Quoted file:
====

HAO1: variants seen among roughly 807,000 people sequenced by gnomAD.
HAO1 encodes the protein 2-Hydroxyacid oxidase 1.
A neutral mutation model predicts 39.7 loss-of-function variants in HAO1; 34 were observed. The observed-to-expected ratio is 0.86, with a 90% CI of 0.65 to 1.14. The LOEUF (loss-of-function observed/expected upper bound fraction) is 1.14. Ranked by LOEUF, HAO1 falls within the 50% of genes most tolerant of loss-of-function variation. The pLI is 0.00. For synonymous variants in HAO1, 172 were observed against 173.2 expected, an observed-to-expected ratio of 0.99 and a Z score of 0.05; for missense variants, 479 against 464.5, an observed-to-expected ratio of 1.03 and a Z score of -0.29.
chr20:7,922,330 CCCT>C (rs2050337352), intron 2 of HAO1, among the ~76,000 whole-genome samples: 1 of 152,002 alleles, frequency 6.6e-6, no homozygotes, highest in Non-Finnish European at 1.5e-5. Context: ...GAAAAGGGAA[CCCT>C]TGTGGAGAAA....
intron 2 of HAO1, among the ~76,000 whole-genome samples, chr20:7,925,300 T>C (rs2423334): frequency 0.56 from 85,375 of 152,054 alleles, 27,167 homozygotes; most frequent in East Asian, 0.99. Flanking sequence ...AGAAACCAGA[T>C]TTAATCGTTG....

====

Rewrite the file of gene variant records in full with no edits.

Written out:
HAO1: variants seen among roughly 807,000 people sequenced by gnomAD.
HAO1 encodes the protein 2-Hydroxyacid oxidase 1.
A neutral mutation model predicts 39.7 loss-of-function variants in HAO1; 34 were observed. The observed-to-expected ratio is 0.86, with a 90% CI of 0.65 to 1.14. The LOEUF (loss-of-function observed/expected upper bound fraction) is 1.14. Ranked by LOEUF, HAO1 falls within the 50% of genes most tolerant of loss-of-function variation. The pLI is 0.00. For synonymous variants in HAO1, 172 were observed against 173.2 expected, an observed-to-expected ratio of 0.99 and a Z score of 0.05; for missense variants, 479 against 464.5, an observed-to-expected ratio of 1.03 and a Z score of -0.29.
chr20:7,922,330 CCCT>C (rs2050337352), intron 2 of HAO1, among the ~76,000 whole-genome samples: 1 of 152,002 alleles, frequency 6.6e-6, no homozygotes, highest in Non-Finnish European at 1.5e-5. Context: ...GAAAAGGGAA[CCCT>C]TGTGGAGAAA....
intron 2 of HAO1, among the ~76,000 whole-genome samples, chr20:7,925,300 T>C (rs2423334): frequency 0.56 from 85,375 of 152,054 alleles, 27,167 homozygotes; most frequent in East Asian, 0.99. Flanking sequence ...AGAAACCAGA[T>C]TTAATCGTTG....